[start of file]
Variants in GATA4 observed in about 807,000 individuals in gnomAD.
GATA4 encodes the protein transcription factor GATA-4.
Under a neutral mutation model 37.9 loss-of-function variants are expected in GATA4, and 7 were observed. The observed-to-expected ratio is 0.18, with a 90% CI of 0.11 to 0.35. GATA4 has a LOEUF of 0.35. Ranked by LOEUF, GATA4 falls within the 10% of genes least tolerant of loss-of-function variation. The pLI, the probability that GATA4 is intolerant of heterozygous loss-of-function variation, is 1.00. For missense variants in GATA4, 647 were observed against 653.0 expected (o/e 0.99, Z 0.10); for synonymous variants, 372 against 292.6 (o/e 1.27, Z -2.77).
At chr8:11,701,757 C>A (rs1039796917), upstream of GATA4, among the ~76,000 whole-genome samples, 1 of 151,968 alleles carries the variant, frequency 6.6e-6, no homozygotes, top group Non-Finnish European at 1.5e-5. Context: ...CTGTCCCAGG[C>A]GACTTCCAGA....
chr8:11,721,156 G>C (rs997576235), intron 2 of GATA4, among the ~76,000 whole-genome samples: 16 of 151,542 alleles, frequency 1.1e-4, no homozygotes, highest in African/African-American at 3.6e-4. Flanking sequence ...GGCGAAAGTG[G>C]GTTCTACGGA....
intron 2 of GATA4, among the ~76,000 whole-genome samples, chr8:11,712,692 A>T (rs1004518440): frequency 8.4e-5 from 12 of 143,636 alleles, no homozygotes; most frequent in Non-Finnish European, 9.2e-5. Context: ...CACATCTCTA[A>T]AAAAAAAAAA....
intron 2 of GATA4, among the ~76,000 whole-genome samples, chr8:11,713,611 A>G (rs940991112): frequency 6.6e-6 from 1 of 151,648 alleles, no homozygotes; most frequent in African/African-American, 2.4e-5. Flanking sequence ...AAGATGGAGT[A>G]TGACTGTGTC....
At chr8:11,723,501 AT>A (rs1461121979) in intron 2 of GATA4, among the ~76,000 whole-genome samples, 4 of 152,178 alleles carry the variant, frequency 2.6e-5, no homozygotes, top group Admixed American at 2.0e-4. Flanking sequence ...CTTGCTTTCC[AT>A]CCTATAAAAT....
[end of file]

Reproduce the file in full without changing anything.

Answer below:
Variants in GATA4 observed in about 807,000 individuals in gnomAD.
GATA4 encodes the protein transcription factor GATA-4.
Under a neutral mutation model 37.9 loss-of-function variants are expected in GATA4, and 7 were observed. The observed-to-expected ratio is 0.18, with a 90% CI of 0.11 to 0.35. GATA4 has a LOEUF of 0.35. Ranked by LOEUF, GATA4 falls within the 10% of genes least tolerant of loss-of-function variation. The pLI, the probability that GATA4 is intolerant of heterozygous loss-of-function variation, is 1.00. For missense variants in GATA4, 647 were observed against 653.0 expected (o/e 0.99, Z 0.10); for synonymous variants, 372 against 292.6 (o/e 1.27, Z -2.77).
At chr8:11,701,757 C>A (rs1039796917), upstream of GATA4, among the ~76,000 whole-genome samples, 1 of 151,968 alleles carries the variant, frequency 6.6e-6, no homozygotes, top group Non-Finnish European at 1.5e-5. Context: ...CTGTCCCAGG[C>A]GACTTCCAGA....
chr8:11,721,156 G>C (rs997576235), intron 2 of GATA4, among the ~76,000 whole-genome samples: 16 of 151,542 alleles, frequency 1.1e-4, no homozygotes, highest in African/African-American at 3.6e-4. Flanking sequence ...GGCGAAAGTG[G>C]GTTCTACGGA....
intron 2 of GATA4, among the ~76,000 whole-genome samples, chr8:11,712,692 A>T (rs1004518440): frequency 8.4e-5 from 12 of 143,636 alleles, no homozygotes; most frequent in Non-Finnish European, 9.2e-5. Context: ...CACATCTCTA[A>T]AAAAAAAAAA....
intron 2 of GATA4, among the ~76,000 whole-genome samples, chr8:11,713,611 A>G (rs940991112): frequency 6.6e-6 from 1 of 151,648 alleles, no homozygotes; most frequent in African/African-American, 2.4e-5. Flanking sequence ...AAGATGGAGT[A>G]TGACTGTGTC....
At chr8:11,723,501 AT>A (rs1461121979) in intron 2 of GATA4, among the ~76,000 whole-genome samples, 4 of 152,178 alleles carry the variant, frequency 2.6e-5, no homozygotes, top group Admixed American at 2.0e-4. Flanking sequence ...CTTGCTTTCC[AT>A]CCTATAAAAT....